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10

You are misreading the staff. Those aren't sharp symbols, those are natural symbols. So E-natural to E-flat and B-flat to B-natural. In measure 4, the natural symbol is redundant because a note is assumed to follow the key signature (C in this case) unless there's a preceding note in the same measure with an accidental. Therefore the first note in this ...


22

The confusion arises from the accidentals. Your answer of a whole step would absolutely be correct if those were sharps (♯), but in fact those accidentals are naturals, not sharps (♮). A note with a natural in front of it cancels any previous accidentals, meaning play the note on the white key. So, E♮ to E♭ is a half step (go down one key from E) and B♭ to B♮...


4

Every interval has at least two names. Intervals are designated by two factors - the actual names of both notes (with/out sharps/flats), and the number of semitones separating them. C>F♯ is an aug.4th, whereas C>G♭ is a dim 5th. Yes, they both have the same number of semitones between them but one concerns an F note, the other a G note. ...


5

In equal temperament tuning, they are the same pitch. So the difference is all in the context in which they are used. If the music is using a Lydian scale or mode, then it's an augmented fourth. Because it's the fourth degree of the scale. If the music is using a diminished scale or chord, then the it's a diminished fifth. In a context like a Blues scale, ...


0

Ignore the confusing standard notation, ignore the confusing sharps and flats, ignore the confusing key signatures, and ignore the confusing black/white piano keys. Restrict yourself to only the confusing note names and confusing interval names, and then simply look at the sequence of consecutive notes: A B♭ C♭ C D♭ D E♭ E F G♭ G A♭ A ...


1

Intervals are absolute. They do not change with different key signatures. B to D♯ is a major 3rd whether the ♯ came from a key signatore or an accidental. Accidentals are not cumulative. If there's a B major (5 sharps) key signature, a notated D will be D♯. Put a ♯ accidental in front of it (maybe as a reminder after a previous ...


1

Intervals seem to confound many of us. And to make it worse, each pair of notes when played, can be called at least two different names. The actual key any two notes, therefore the interval between them, can help, but that in itself can bring confusion. Minor intervals are found in major scales, and vice versa. Intervals are always calculated from the ...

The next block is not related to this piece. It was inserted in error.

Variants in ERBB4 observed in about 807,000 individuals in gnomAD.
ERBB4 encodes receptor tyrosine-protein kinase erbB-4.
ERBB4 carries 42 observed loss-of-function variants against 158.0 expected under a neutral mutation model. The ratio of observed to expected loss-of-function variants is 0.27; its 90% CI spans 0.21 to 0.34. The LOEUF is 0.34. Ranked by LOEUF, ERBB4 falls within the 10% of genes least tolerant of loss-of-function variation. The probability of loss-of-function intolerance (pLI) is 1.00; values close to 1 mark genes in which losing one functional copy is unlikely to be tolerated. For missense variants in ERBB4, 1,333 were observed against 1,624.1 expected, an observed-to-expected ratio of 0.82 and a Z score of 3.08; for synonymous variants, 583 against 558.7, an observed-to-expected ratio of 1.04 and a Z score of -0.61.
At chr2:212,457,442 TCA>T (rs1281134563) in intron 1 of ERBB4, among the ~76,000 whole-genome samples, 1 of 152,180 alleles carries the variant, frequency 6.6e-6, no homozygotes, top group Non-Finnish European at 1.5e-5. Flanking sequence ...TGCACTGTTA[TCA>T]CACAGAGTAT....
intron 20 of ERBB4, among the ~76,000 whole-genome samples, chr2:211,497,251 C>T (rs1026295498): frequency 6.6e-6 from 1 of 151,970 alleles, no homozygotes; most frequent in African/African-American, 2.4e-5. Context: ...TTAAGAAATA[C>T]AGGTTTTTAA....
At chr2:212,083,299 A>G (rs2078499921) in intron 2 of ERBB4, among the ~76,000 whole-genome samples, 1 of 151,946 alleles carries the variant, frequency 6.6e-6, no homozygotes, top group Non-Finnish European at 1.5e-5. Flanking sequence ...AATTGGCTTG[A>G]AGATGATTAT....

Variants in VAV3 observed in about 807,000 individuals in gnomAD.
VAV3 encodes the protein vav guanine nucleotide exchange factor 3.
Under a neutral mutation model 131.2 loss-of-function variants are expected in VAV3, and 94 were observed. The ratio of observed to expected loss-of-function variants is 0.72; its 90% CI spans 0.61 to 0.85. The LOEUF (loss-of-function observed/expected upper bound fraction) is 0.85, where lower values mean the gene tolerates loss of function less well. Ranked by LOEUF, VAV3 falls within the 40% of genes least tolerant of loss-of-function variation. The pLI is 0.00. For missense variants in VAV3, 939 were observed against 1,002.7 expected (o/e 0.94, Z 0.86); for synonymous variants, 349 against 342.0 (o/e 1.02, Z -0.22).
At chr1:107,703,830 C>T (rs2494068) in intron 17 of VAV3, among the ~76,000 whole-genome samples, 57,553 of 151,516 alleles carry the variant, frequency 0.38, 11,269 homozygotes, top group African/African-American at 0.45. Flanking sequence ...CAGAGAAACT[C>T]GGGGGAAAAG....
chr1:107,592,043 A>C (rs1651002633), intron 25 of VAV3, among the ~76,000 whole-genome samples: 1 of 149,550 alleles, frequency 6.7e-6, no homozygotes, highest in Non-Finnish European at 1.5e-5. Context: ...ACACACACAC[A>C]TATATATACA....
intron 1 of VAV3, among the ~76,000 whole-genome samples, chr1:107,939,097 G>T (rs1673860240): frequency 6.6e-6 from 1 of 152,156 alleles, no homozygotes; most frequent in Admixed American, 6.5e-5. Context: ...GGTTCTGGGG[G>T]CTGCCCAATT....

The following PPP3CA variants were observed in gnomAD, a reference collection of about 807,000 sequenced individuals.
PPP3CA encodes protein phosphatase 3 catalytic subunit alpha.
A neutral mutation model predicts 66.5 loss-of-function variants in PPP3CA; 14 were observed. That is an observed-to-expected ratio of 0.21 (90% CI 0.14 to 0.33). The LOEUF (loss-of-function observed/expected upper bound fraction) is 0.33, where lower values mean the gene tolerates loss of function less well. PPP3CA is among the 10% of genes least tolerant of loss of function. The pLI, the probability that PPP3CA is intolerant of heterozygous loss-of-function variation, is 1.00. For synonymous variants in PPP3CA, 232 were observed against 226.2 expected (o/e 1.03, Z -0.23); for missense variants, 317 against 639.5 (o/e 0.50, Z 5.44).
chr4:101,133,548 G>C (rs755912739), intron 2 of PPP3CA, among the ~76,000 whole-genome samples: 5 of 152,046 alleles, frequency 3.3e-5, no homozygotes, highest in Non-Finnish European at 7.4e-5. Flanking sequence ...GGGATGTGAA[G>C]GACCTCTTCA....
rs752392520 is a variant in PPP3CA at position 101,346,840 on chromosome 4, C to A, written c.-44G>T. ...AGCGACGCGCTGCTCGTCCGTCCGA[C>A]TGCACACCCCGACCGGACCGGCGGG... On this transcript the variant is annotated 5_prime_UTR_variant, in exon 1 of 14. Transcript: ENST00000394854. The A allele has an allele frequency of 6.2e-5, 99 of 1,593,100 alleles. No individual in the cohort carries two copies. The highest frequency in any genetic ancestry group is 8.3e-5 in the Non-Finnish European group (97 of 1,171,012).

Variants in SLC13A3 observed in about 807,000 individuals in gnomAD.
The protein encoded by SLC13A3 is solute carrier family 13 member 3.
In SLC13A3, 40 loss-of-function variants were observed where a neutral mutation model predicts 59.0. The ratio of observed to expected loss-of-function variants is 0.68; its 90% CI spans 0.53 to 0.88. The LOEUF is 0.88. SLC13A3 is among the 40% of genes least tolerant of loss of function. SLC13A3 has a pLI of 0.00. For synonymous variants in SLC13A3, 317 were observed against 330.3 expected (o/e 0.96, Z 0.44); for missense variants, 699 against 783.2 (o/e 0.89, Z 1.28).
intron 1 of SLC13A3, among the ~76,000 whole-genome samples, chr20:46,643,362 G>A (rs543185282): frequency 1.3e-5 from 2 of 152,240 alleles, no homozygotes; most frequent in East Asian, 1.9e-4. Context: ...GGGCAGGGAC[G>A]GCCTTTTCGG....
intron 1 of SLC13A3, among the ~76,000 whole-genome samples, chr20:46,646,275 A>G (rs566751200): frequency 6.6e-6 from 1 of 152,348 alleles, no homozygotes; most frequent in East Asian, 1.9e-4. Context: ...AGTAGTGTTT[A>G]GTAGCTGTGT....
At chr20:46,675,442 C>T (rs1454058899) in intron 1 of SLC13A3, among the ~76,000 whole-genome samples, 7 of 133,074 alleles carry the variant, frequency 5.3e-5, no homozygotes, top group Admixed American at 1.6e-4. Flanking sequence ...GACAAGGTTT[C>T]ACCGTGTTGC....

0

It all depends on the way it's notated, the key is irrelevant (there might not even be a key). If you notate notes as B and D (whether those notes are sharp, natural or flat) then this is always a third. The nature of the interval (major, minor etc.) depend on the number of semitones between the notes. So we have B-flat to D-flat, B to D, B-sharp to D-...


0

The written notes in the staff system are not so helpful to understand the intervals (minor, major, diminished or augmented. You better draw a keyboard and the interval patterns, the note names on the right side of the sheet notation or below of the system. https://www.musictheory.net/lessons/31 If you tip on an interval in the posted link the keys and ...


1

Just adding notation visuals - otherwise @Richard answered the question. You must consider both key signatures and accidentals. With no key signature and no accidentals, B natural and D natural, minor third With no key signature and accidental sharp on D, B natural and D sharp, major third With key signature of 5 sharps and no accidentals, B natural and ...


2

Yes, the typical approach is to determine the interval based off of the major scale of the bottom pitch. Given the interval from B up to D♯, we would first conceptualize B major, which has five sharps: F♯, C♯, G♯, D♯, and A♯. Since the D♯ is in the key of B major, this is a major third above B. In order for this to be an augmented third, we would have to ...


0

Caution: Heretic answer. Today's music "theory" is not a scientific theory. It is a large and complicated set of definitions and conventions that doesn't provide a toolkit for understanding how music works. Harmonies are just not built form semitones, but from ratios. All music builds on only two scales: The overtone scale (O-scale) and its inverse, the ...


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